From the training data (first 16 days of the experiment), the category A CTR (only clicks on content of category A is considered) difference between those who received Whole Page Personalization and those who did not, is -0.13% with standard deviation of 0.23%. So, note that category A CTR is not statistically significantly different for the two groups at a global level. So, in a standard set-up, we would conclude there is no difference in these two experiences in terms of category A CTR metric. However, we found smaller subpopulations with conclusive preferences (restricted to the subpopulations, difference in category A CTR between those who received Whole Page Personalization and those who did not, were statistically significantly different from ) and using those, we derived the personal valuations. As results in Table 1 illustrate, with category A CTR as the chosen metric, a DPV-based system design would extract much more information from the experiment.

From the training data (first 16 days of the experiment), the category B CTR (only clicks on content of category B is considered) difference between those who received Whole Page Personalization and those who did not, is 0.34% with standard deviation of 0.30%. So, note that category B CTR is statistically significantly different for the two groups at a global level. So, in a standard set-up, we would conclude Whole Page personalization is better in terms of category B CTR metric and impose that on everyone (assuming we are only interested in category B CTR). However, as results in Table 1 illustrate, we found a DPV-based group (Q1) which actually does not prefer Whole Page Personalization (as measured by category B CTR). In this case as well, we would benefit from a DPV based system design.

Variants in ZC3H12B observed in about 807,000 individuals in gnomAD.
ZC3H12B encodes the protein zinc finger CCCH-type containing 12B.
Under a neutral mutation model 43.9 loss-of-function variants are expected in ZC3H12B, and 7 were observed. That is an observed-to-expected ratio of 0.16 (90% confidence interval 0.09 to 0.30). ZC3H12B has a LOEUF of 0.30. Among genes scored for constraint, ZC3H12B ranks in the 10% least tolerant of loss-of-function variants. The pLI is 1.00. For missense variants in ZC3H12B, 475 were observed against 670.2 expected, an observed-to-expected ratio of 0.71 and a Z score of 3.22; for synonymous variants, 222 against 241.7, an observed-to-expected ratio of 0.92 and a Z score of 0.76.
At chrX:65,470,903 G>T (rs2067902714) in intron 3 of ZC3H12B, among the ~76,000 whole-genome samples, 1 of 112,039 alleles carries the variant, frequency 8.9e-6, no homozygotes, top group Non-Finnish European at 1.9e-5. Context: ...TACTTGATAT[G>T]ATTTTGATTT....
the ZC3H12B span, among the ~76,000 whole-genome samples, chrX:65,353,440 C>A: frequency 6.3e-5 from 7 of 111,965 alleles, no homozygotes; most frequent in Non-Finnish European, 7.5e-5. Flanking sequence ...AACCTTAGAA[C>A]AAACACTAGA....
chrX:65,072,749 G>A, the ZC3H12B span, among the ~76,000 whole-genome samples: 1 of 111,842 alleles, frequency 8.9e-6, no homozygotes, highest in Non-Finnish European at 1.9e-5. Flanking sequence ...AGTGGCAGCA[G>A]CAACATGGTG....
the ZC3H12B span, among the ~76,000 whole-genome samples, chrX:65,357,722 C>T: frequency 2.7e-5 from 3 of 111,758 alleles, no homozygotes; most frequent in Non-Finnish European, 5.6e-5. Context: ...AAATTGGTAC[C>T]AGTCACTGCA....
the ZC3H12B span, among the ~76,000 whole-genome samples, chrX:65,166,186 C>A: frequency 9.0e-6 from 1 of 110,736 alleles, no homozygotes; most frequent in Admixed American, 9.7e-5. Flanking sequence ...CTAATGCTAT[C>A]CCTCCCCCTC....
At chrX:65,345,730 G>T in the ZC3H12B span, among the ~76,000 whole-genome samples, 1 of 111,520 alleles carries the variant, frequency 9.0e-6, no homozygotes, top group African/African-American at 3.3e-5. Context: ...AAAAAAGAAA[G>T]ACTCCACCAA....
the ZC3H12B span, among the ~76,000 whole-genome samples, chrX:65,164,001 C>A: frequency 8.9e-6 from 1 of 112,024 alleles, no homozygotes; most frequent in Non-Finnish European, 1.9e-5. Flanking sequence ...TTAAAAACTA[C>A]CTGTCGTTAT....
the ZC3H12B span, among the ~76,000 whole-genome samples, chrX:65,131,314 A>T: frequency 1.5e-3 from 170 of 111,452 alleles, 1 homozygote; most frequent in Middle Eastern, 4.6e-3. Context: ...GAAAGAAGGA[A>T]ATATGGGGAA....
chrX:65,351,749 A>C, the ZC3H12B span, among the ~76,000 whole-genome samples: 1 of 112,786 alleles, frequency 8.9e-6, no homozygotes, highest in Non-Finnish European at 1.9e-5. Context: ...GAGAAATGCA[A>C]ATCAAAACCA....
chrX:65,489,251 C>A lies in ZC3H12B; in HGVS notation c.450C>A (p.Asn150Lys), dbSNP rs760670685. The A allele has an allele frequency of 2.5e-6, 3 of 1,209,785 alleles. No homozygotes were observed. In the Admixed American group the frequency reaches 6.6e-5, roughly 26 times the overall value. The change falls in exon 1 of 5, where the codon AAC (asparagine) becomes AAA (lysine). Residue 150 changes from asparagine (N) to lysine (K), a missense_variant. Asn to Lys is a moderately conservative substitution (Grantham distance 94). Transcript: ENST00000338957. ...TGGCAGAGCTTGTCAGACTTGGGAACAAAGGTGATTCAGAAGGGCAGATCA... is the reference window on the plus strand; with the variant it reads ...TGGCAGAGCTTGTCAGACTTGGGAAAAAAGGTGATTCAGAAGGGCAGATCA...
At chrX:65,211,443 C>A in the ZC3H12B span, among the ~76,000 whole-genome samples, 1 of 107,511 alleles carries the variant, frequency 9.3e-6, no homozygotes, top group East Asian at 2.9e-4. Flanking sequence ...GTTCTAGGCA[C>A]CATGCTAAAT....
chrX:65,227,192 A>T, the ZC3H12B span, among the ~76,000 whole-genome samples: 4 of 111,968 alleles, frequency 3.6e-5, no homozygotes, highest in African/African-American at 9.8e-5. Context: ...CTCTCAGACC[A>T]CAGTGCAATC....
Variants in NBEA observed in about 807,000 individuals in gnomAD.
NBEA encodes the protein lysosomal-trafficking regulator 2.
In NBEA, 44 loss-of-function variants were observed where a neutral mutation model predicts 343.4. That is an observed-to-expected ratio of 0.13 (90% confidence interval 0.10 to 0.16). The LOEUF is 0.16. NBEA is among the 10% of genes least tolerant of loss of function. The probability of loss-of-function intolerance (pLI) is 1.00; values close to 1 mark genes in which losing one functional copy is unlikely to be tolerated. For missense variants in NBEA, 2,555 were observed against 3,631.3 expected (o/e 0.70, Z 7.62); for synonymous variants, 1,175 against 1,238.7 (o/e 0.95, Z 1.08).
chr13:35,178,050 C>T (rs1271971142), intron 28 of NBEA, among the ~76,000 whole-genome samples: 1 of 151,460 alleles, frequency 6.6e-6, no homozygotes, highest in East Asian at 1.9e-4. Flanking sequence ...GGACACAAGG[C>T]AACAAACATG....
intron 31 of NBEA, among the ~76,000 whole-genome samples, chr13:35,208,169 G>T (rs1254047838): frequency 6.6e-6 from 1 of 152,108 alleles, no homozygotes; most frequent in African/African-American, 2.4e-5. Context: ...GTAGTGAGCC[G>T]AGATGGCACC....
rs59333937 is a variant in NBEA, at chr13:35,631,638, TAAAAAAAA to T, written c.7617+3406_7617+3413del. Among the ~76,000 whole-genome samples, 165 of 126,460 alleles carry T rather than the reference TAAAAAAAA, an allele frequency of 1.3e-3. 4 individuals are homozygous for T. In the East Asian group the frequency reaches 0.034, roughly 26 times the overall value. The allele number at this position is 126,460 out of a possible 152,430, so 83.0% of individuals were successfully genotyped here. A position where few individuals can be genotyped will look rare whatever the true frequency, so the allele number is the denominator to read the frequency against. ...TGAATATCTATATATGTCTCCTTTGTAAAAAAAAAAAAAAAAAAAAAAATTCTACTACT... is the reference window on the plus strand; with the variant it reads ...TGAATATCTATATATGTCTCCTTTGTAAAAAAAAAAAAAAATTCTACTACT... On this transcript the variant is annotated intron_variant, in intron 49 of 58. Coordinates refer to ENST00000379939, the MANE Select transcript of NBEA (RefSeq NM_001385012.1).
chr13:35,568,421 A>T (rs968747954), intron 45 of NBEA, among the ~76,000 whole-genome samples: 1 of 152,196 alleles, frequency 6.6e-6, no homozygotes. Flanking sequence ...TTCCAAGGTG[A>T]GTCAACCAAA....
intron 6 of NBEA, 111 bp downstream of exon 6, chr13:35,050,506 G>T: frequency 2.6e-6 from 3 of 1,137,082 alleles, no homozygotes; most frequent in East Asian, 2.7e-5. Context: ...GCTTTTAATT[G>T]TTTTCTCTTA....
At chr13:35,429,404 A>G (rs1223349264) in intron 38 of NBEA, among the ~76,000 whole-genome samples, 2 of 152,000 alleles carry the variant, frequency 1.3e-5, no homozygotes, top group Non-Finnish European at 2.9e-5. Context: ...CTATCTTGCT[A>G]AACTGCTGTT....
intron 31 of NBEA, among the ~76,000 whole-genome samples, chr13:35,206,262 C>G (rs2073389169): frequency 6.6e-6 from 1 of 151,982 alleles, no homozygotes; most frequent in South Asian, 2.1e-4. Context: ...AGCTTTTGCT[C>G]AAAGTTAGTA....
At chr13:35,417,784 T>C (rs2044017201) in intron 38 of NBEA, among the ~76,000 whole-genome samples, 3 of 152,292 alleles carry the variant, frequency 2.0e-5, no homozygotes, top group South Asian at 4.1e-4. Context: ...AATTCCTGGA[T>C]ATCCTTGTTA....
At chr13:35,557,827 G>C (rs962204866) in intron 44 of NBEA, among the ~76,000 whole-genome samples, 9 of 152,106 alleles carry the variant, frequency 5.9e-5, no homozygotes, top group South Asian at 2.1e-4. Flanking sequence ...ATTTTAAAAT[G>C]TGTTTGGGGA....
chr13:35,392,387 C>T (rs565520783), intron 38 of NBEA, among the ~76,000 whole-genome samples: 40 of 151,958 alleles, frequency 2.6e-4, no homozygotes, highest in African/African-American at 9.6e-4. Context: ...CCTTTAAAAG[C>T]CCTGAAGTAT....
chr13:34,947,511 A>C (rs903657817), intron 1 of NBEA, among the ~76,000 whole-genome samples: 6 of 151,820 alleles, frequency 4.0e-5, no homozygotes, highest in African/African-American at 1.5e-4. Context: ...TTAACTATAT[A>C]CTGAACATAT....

Difference Standard DPV-
DPV in deviation of based
based average difference in group
Metric groups CTR average CTR size
Category A CTR Q1 0.058 0.043 160
Category A CTR Q2-Q3 0.135 0.108 87
Category B CTR Q1 -0.032 0.030 156
Category B CTR Q1-Q2 0.079 0.047 163
Table 1. Table for metric - click through rate (CTR)

6. Conclusion

We have proposed a feature learning algorithm to identify optimal system for a given instance based on its context. We have shown that our learning could be leveraged to target populations for future interventions as well as personalize the choice of optimal systems. A framework that leverages such personal preference of optimal systems will generate prediction in a two-layered approach: first choose the preferred system and then make the appropriate prediction using the preferred system. Further research is needed to get clarity on how personalized the choice of systems can be, how many systems a framework can support etc. to build a framework that uses the personalized choice of systems at scale. While we proposed one greedy approach to solve the optimization problem (2.4), further research needs to explore other possibly better ways of solving the optimization problem. Further research could also drive down the computational time. It would also be fruitful to invest in research to estimate noise for DPV and intelligent use of it in system design.

7. Acknowledgement

We sincerely thank Shyam Rapaka, who actively contributed in the material presented in this paper during his tenure at Walmart Labs.

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Appendix A Derivation of objective function used in optimization problem formulation

The expected value of the amount of data over all subpopulations created by , where each subpopulation is weighted by its relative size simplifies to

(A.1)

where if C is true, and otherwise, are indicator functions indicating whether condition is true or not. Recall, the set denotes the population of instances.